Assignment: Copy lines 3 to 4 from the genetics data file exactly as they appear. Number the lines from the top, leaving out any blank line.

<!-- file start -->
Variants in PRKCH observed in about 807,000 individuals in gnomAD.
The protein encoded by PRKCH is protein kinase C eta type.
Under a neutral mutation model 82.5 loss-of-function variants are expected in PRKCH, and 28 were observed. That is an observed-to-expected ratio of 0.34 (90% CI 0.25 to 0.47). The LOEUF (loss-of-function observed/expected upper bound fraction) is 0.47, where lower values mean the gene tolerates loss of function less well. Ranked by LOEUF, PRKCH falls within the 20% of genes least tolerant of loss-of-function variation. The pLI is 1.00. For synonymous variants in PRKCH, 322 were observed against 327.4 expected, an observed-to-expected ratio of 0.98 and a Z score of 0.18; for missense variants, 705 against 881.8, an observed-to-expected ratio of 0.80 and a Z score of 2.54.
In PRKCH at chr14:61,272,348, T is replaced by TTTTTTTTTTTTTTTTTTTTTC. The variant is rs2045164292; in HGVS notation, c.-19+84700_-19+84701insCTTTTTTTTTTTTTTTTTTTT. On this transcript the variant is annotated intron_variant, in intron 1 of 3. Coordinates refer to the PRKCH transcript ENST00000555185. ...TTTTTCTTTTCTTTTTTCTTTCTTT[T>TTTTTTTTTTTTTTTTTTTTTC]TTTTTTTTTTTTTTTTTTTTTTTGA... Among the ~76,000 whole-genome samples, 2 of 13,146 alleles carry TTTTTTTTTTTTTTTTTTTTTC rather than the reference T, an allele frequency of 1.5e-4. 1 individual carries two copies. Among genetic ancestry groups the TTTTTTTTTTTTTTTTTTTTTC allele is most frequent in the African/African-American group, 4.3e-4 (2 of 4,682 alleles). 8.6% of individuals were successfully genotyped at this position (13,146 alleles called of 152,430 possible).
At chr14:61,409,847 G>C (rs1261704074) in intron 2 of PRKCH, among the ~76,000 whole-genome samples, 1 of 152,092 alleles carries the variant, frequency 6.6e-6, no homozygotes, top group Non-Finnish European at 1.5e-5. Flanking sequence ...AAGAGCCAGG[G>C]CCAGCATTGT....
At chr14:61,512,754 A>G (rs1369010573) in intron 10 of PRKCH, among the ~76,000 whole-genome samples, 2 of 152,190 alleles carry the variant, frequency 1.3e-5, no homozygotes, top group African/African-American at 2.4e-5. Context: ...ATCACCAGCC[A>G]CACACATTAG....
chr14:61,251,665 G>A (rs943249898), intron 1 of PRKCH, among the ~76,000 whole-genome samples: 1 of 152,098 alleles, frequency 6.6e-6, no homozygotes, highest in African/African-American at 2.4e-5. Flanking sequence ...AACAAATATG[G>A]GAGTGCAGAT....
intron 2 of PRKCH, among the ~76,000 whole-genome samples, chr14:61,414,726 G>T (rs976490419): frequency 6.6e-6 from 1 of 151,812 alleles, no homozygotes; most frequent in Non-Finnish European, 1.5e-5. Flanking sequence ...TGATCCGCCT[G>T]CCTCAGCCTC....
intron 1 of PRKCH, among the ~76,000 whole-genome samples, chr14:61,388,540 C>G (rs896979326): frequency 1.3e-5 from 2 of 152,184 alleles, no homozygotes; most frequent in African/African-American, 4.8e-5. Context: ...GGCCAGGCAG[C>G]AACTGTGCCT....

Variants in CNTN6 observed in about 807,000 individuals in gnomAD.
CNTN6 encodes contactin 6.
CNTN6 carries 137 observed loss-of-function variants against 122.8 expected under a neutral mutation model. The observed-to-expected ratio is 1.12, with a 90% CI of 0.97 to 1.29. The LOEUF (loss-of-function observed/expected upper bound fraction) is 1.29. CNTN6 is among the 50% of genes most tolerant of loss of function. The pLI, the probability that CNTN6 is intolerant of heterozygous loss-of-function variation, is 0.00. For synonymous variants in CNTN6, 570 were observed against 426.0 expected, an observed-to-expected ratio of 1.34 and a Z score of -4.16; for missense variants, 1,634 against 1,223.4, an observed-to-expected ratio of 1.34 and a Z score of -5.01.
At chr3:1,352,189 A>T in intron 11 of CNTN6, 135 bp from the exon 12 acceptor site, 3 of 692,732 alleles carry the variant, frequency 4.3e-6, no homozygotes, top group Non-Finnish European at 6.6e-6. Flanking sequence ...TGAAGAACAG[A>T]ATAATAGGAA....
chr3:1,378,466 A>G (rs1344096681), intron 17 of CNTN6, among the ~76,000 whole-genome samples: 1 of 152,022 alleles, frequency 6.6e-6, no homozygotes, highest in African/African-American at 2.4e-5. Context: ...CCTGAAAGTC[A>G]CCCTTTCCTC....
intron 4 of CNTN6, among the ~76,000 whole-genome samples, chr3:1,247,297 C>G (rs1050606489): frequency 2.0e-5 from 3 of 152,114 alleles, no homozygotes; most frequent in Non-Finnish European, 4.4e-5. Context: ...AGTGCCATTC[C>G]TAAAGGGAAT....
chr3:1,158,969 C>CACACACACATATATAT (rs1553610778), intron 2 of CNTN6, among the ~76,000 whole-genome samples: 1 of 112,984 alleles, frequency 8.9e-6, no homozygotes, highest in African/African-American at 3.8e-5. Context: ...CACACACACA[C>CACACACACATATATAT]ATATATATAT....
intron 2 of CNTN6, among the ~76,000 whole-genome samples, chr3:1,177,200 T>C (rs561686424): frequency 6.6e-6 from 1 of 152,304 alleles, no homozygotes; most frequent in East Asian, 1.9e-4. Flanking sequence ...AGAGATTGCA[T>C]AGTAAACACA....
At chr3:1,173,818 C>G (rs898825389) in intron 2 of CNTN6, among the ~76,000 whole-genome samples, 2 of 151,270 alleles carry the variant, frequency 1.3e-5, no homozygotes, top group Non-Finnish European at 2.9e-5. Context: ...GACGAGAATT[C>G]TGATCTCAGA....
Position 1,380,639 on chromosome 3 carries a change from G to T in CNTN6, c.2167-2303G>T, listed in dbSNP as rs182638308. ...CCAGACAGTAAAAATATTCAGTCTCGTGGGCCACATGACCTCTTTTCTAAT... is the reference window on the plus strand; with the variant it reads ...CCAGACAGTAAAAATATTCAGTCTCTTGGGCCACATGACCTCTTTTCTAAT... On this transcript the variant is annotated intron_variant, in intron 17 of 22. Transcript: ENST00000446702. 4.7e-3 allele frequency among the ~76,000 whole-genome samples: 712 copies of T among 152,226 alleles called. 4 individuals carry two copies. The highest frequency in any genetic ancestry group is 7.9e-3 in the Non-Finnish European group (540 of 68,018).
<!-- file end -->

Under a neutral mutation model 82.5 loss-of-function variants are expected in PRKCH, and 28 were observed. That is an observed-to-expected ratio of 0.34 (90% CI 0.25 to 0.47). The LOEUF (loss-of-function observed/expected upper bound fraction) is 0.47, where lower values mean the gene tolerates loss of function less well. Ranked by LOEUF, PRKCH falls within the 20% of genes least tolerant of loss-of-function variation. The pLI is 1.00. For synonymous variants in PRKCH, 322 were observed against 327.4 expected, an observed-to-expected ratio of 0.98 and a Z score of 0.18; for missense variants, 705 against 881.8, an observed-to-expected ratio of 0.80 and a Z score of 2.54.
In PRKCH at chr14:61,272,348, T is replaced by TTTTTTTTTTTTTTTTTTTTTC. The variant is rs2045164292; in HGVS notation, c.-19+84700_-19+84701insCTTTTTTTTTTTTTTTTTTTT. On this transcript the variant is annotated intron_variant, in intron 1 of 3. Coordinates refer to the PRKCH transcript ENST00000555185. ...TTTTTCTTTTCTTTTTTCTTTCTTT[T>TTTTTTTTTTTTTTTTTTTTTC]TTTTTTTTTTTTTTTTTTTTTTTGA... Among the ~76,000 whole-genome samples, 2 of 13,146 alleles carry TTTTTTTTTTTTTTTTTTTTTC rather than the reference T, an allele frequency of 1.5e-4. 1 individual carries two copies. Among genetic ancestry groups the TTTTTTTTTTTTTTTTTTTTTC allele is most frequent in the African/African-American group, 4.3e-4 (2 of 4,682 alleles). 8.6% of individuals were successfully genotyped at this position (13,146 alleles called of 152,430 possible).